George Wyman Bury

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G. Wyman Bury (3 January 1874 – 23 September 1920) was a naturalist, explorer, author, Arabist, and political officer in the British army.[1][2]

Born in Mancetter Manor House near the town of Atherstone, Bury was educated at Atherstone Grammar School and then by tutors ("Army crammers") who specialized in preparing students for the examinations that were part of Army Officer Selection. In 1894 he received a commission in the 3rd Battalion Royal Warwickshire Regiment. In 1895 Bury joined one of the rebel tribes in southern Morocco. In 1896 in the Aden littoral desert, he worked in archaeology and natural history, as well as intelligence gathering among the mountain tribes of Aden. From 1897 to 1901 he explored in the Rub' al Khali. In 1902 he was with the Aden Boundary Commission. In 1903–1904 he was engaged as a political officer in military operations in the Aden Protectorate. As an explorer and naturalist, Bury was a member of: in 1905–1906 a zoological expedition in Somaliland, in 1908–1909 southern Arabian peninsular exploration, and in 1912–1913 Yemen highlands exploration. He was in special service in Egypt in 1914 and served on the intelligence staff on the Suez Canal front in 1915. He became a political officer in the Red Sea Northern Patrol and was given in 1915 the rank of lieutenant in the Royal Navy Volunteer Reserve. In the first half of 1916 he participated in naval operations along the Arabian coast and was involved with the successful revolt led by Hussein bin Ali, Sharif of Mecca.[1]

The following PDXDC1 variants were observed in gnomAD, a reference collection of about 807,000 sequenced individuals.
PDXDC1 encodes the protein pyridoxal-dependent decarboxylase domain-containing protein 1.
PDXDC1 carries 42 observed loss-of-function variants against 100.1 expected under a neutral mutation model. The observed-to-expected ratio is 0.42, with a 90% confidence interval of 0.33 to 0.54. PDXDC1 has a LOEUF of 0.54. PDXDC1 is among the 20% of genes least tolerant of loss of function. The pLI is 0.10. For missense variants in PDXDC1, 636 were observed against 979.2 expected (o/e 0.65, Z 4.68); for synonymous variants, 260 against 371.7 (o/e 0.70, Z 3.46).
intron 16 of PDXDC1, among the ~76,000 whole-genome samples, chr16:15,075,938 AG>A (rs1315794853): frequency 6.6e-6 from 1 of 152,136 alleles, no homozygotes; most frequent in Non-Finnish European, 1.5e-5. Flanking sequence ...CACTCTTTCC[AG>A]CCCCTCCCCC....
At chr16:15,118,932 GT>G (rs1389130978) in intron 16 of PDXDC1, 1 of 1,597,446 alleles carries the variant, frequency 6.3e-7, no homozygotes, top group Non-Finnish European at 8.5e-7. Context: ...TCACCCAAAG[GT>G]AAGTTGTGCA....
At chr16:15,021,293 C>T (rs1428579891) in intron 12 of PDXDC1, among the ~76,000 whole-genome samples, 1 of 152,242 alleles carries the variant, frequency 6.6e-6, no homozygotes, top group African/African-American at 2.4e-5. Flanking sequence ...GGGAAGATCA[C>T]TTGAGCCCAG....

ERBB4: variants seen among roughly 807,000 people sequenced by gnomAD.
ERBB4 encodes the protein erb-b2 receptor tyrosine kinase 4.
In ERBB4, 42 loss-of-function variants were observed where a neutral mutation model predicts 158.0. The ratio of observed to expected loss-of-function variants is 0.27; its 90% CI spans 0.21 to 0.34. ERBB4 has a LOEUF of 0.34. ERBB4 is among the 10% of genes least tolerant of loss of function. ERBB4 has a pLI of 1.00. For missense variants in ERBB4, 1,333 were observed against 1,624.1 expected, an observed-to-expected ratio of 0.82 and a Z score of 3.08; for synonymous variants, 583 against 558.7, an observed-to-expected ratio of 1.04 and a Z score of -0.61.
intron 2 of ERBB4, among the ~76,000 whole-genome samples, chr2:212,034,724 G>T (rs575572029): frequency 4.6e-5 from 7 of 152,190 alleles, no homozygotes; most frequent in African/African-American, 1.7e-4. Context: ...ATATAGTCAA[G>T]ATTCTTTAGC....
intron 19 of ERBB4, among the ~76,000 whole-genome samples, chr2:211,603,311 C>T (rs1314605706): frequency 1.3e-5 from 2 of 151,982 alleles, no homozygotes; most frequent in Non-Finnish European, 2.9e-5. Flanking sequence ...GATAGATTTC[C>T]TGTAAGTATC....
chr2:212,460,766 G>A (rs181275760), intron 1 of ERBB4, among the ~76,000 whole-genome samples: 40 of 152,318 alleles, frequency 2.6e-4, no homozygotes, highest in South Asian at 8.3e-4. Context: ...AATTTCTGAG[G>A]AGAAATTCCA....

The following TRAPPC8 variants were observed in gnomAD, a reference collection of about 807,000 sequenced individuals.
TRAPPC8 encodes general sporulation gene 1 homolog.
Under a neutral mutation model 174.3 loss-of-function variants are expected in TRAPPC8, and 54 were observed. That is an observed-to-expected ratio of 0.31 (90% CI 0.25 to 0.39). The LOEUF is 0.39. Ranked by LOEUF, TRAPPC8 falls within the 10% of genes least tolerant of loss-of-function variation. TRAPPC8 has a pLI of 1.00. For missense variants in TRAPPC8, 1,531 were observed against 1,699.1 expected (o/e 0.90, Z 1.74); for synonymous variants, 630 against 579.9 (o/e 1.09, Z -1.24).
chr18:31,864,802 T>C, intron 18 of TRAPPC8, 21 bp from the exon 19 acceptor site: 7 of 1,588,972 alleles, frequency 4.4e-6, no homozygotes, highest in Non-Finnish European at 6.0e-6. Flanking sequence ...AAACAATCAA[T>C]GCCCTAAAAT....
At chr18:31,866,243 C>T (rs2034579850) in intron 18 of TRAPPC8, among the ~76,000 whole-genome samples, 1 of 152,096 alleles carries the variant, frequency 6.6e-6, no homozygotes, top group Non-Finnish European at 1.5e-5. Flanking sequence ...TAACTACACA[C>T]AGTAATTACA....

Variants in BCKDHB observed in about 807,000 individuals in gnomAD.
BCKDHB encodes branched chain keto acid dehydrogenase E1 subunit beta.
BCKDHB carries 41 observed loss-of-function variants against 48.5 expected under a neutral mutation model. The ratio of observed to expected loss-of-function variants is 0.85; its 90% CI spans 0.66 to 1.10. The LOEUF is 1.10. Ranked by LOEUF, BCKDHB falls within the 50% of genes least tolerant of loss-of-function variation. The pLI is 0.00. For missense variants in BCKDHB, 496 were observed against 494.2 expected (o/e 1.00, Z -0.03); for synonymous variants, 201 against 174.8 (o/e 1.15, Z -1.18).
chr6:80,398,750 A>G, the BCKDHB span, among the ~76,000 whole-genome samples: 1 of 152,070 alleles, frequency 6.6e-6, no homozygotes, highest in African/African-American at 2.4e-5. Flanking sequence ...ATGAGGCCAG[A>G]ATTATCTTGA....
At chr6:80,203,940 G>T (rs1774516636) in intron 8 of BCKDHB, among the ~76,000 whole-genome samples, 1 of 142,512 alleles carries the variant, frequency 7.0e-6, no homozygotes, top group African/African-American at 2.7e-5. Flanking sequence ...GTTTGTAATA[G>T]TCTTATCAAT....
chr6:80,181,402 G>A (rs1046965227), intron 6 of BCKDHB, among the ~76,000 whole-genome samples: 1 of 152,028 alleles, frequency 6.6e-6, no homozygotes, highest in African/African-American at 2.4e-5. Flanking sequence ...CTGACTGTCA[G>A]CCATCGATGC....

He met his future wife, Florence Ann Marshall, in 1911 when he was a tuberculosis patient in Westminster Hospital and she was his nurse. On 19 June 1913, they married in Hodeida, Yemen. In July 1916 he was sent on convalescent leave to live in Cairo under the care of his wife. At the end of World War I, Bury and his wife went to live in Helwan, where he died in 1920 from tuberculosis.[3]

Eponyms[edit]

Selected publications[edit]

  • The Land of Uz. London: Macmillan. 1911.
  • Arabia Infelix. London: Macmillan. 1915.
  • Pan-Islam. London: Macmillan. 1919.

References[edit]

  1. ^ a b "Bury, George Wyman". Who's Who: 365. 1919.
  2. ^ Macro, Eric (January 1983). "George Wyman Bury, South Arabian Pioneer". Proceedings of the 16th Seminar for Arabian Studies held at Oxford, 20th–22nd July 1982. Seminar for Arabian Studies. 13: 93–100. JSTOR 41223000.
  3. ^ Macro, Eric (1997). "The Red Sea and Wyman Bury—The Last Seven Years, 1913–1920 ". New Arabian Studies. 4: 168–180.
  4. ^ Beolens, Bo; Watkins, Michael; Grayson, Michael (2011). "Bury". The Eponym Dictionary of Reptiles. Baltimore: Johns Hopkins University Press. p. 44. ISBN 978-1-4214-0135-5; xiii+296 pp.
  5. ^ Beolens B, Watkins M, Grayson M (2014). "Bury". The Eponym Dictionary of Birds. London, New Delhi, New York, Sydney: Bloomsbury Publishing. ISBN 978-1-4729-0573-4.

External links[edit]

Works by G. Wyman Bury at Project Gutenberg.